Belize’s Barrier Reef is not only one of the country’s largest income generators, but it’s also a marvel of nature. The Barrier Reef Reserve System which includes the atolls, mangrove forests and cayes was officially recognized as a UNESCO World Heritage Site in 1996. Now 20 years later, the organizations and industries that benefit and make their livelihoods off the reef gathered to celebrate the second largest barrier reef in the world. We spoke to John Burgos, the Executive Director of the BTIA, one of the ceremony’s organizers about the importance of our reef being recognized by UNESCO…

John Burgos – Executive Director, BTIA
“Well basically this is the beginning of a series of events that we’ve been organising over the last 5 months to commemorate the 20th anniversary of the World Heritage Site of the Belize Barrier Reef is being recognised by UNESCO community. We would like for Belizeans to really get to understand how much value it brings to the economy and to what Belize stands for not only for the tourism industry, we’re looking at everything that resides within the coast line and marine ecosystems in Belize are influenced and impacted by the Belize Barrier Reef System.”

Alex Courtney
“Now we speak about the safety of our reef and marine life. In the past few months there has been very large national dispute about the offshore oil exploration. How do events like that factor into making sure that the marine ecosystem is safe?”

John Burgos – Executive Director, BTIA
“Well as you know the people have spoken in various locations to the government and to the world as a matter of fact with regards to our sentiments towards the Belize Barrier Reef and you know we recognise we have looked at all the economic values that it brings to the economy, all the amount of Belizeans that make a livelihood off the Belize Barrier Reef System and the ecosystems in Belize. I mean you’re looking at 190,000 Belizeans that benefit from the marine coastline and the barrier reef. You looking at about a million Belizean dollars yearly in revenue and that include tourism, fishing and any other relevant industry that associated with the marine. So we gonna ensure that we continue pushing for it to be recognise and for it to be given the importance of being able to secure it especially when you already experience various strains from climate change and other externalities. So offshore drilling cannot be added to that list, we got to protect and preserve the barrier as it is today.”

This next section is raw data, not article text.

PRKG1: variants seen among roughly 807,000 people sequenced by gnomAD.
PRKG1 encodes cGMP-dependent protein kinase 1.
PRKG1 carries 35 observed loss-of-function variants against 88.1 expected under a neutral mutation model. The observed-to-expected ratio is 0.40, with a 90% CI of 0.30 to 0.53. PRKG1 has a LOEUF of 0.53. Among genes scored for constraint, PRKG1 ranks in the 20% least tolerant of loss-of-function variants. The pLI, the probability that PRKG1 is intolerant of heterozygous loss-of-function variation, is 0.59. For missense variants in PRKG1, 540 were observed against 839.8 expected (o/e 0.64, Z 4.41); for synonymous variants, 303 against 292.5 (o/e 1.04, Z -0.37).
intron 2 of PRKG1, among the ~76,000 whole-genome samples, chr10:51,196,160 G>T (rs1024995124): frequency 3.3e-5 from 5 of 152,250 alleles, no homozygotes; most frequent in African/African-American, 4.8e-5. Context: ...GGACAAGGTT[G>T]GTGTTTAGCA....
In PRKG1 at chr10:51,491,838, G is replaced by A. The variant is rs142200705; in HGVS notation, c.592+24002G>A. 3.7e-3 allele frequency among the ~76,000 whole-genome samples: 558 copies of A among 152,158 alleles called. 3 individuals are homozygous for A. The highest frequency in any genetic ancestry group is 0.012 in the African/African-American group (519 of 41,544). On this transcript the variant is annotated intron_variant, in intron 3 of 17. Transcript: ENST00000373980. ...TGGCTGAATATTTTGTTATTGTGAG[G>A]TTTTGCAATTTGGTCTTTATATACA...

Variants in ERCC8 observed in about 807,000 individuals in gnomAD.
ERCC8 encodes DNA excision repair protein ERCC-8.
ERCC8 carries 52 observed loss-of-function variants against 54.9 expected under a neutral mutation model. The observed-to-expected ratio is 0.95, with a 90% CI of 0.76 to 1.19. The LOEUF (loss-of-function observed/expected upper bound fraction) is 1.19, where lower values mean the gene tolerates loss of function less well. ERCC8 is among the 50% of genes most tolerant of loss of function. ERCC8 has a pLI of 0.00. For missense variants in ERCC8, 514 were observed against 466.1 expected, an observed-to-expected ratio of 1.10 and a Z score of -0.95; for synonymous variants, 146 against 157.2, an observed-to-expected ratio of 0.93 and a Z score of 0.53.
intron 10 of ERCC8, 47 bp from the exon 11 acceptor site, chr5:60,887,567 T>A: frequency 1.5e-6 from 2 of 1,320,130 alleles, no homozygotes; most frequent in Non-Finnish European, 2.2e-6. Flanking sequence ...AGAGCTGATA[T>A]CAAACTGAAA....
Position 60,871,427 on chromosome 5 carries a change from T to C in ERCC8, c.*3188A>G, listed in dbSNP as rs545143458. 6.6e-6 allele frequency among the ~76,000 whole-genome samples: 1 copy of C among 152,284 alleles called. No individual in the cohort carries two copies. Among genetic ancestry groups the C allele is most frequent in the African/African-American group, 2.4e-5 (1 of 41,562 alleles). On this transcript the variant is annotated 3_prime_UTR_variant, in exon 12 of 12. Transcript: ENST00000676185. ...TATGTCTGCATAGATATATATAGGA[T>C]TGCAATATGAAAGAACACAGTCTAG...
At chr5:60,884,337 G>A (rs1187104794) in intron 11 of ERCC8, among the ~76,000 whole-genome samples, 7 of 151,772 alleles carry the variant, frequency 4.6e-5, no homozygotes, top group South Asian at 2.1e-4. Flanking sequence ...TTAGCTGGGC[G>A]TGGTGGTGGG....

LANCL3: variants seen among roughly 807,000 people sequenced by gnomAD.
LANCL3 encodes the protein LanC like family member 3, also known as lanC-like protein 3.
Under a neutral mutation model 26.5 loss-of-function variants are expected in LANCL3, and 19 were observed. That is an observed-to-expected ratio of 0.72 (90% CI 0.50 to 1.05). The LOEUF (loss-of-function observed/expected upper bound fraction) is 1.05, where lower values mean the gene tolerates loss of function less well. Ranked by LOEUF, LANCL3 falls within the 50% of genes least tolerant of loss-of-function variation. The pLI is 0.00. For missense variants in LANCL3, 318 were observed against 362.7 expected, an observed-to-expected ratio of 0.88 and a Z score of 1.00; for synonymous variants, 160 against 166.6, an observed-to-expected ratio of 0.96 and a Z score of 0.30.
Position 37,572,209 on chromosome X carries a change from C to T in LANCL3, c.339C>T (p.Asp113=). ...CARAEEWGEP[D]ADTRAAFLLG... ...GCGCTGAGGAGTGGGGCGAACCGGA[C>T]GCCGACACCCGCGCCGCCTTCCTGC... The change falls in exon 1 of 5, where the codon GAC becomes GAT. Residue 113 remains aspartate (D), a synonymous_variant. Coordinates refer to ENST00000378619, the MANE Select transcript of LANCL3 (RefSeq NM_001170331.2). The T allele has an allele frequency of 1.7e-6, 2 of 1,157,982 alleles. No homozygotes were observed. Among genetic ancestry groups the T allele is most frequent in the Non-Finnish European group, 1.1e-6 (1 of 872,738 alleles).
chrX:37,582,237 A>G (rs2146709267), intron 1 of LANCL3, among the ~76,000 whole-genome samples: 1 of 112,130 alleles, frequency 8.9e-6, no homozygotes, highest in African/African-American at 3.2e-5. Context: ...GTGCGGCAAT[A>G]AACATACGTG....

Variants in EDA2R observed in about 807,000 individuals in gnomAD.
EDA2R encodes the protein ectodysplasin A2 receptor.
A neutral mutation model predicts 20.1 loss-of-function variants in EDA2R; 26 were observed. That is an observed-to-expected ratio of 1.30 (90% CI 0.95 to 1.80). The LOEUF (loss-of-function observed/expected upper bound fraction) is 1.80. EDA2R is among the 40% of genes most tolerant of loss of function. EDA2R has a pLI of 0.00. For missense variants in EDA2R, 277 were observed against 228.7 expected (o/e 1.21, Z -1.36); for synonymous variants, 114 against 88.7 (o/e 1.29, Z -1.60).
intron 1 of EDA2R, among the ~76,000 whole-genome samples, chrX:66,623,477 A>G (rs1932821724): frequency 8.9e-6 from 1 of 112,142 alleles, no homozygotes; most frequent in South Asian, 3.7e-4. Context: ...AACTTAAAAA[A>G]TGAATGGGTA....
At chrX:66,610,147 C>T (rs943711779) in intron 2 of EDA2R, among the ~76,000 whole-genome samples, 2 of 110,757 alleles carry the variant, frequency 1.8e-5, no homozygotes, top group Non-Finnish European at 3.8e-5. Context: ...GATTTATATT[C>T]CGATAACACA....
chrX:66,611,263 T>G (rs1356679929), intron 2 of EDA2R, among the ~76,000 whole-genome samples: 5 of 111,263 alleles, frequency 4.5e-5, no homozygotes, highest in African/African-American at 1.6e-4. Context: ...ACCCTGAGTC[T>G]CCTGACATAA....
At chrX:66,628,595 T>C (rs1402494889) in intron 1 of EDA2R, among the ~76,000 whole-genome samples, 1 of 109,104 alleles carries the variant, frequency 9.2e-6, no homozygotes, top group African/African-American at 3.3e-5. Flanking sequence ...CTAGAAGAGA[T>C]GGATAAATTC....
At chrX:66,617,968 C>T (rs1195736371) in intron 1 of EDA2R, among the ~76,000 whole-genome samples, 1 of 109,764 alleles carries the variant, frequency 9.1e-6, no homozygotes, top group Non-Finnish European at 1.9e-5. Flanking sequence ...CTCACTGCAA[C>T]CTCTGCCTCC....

The BTIA is also a member of the Coalition to Save Our Natural Heritage, the organization that led the charge against the seismic survey off the Belizean coast. After successfully getting government to cancel the surveys, the Coalition pushed government to update its moratorium on offshore drilling and demanded a national referendum. We asked Burgos for an update…

Alex Courtney
“There is a very large push for a referendum to kind of decide once and for all whether or not this is something that Belizeans wanted to see in our waters. Is there any update on where the coalition is in terms of pushing that into the government and ratifying that?”

John Burgos – Executive Director, BTIA
“OCEANA presented the government with a bill for a moratorium. We received a response from the government whereby they are outline their responses where we’re not satisfied. One of the key things we were pushing for was one of the conditions to move the moratorium was to have a national referendum with regards to the offshore drilling so that the people of Belize can ultimately decide faith of the Belize Barrier Reef in relation to the offshore drilling. We still in negotiations, we have responded to government with an official letter, we are awaiting their response. I’m not sure if it has to do with the time of the year, this is gearing up to the end of the year, Christmas time so we’re going to have to wait to see a response. There’s nothing final yet, the key thing the government has stated is that they’re going to keep the policy based legislation that they have; they are not going to go into written policy whereby it is going to be mandated for them. So currently basically we’re still at the stage whereby government overnight can decide offshore drilling is the way to go.”

The Belize Barrier Reef is home to many species of fish, coral and other marine life found nowhere else in the world.